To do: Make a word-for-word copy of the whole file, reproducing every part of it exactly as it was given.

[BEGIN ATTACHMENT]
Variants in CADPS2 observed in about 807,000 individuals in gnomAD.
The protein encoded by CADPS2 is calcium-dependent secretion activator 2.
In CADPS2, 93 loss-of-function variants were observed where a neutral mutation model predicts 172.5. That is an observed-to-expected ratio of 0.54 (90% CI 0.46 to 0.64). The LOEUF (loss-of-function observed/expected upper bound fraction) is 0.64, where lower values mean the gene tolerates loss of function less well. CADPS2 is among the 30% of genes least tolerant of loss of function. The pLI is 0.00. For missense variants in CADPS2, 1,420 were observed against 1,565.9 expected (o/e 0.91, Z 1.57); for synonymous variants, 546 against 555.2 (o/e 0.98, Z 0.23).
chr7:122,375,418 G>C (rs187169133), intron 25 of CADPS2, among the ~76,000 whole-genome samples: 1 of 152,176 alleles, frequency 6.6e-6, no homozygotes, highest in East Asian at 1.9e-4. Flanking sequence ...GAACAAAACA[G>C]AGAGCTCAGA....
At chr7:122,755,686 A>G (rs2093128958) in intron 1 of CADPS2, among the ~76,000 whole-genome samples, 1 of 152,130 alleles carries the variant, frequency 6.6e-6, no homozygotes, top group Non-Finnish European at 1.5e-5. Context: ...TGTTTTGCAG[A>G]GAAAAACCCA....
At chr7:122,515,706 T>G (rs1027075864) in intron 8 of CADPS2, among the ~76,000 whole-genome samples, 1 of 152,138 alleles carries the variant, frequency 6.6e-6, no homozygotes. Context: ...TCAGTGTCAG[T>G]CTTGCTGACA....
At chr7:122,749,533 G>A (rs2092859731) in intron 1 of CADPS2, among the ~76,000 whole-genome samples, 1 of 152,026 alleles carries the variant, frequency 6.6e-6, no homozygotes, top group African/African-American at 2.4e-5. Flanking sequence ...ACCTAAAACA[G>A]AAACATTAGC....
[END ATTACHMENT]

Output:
Variants in CADPS2 observed in about 807,000 individuals in gnomAD.
The protein encoded by CADPS2 is calcium-dependent secretion activator 2.
In CADPS2, 93 loss-of-function variants were observed where a neutral mutation model predicts 172.5. That is an observed-to-expected ratio of 0.54 (90% CI 0.46 to 0.64). The LOEUF (loss-of-function observed/expected upper bound fraction) is 0.64, where lower values mean the gene tolerates loss of function less well. CADPS2 is among the 30% of genes least tolerant of loss of function. The pLI is 0.00. For missense variants in CADPS2, 1,420 were observed against 1,565.9 expected (o/e 0.91, Z 1.57); for synonymous variants, 546 against 555.2 (o/e 0.98, Z 0.23).
chr7:122,375,418 G>C (rs187169133), intron 25 of CADPS2, among the ~76,000 whole-genome samples: 1 of 152,176 alleles, frequency 6.6e-6, no homozygotes, highest in East Asian at 1.9e-4. Flanking sequence ...GAACAAAACA[G>C]AGAGCTCAGA....
At chr7:122,755,686 A>G (rs2093128958) in intron 1 of CADPS2, among the ~76,000 whole-genome samples, 1 of 152,130 alleles carries the variant, frequency 6.6e-6, no homozygotes, top group Non-Finnish European at 1.5e-5. Context: ...TGTTTTGCAG[A>G]GAAAAACCCA....
At chr7:122,515,706 T>G (rs1027075864) in intron 8 of CADPS2, among the ~76,000 whole-genome samples, 1 of 152,138 alleles carries the variant, frequency 6.6e-6, no homozygotes. Context: ...TCAGTGTCAG[T>G]CTTGCTGACA....
At chr7:122,749,533 G>A (rs2092859731) in intron 1 of CADPS2, among the ~76,000 whole-genome samples, 1 of 152,026 alleles carries the variant, frequency 6.6e-6, no homozygotes, top group African/African-American at 2.4e-5. Flanking sequence ...ACCTAAAACA[G>A]AAACATTAGC....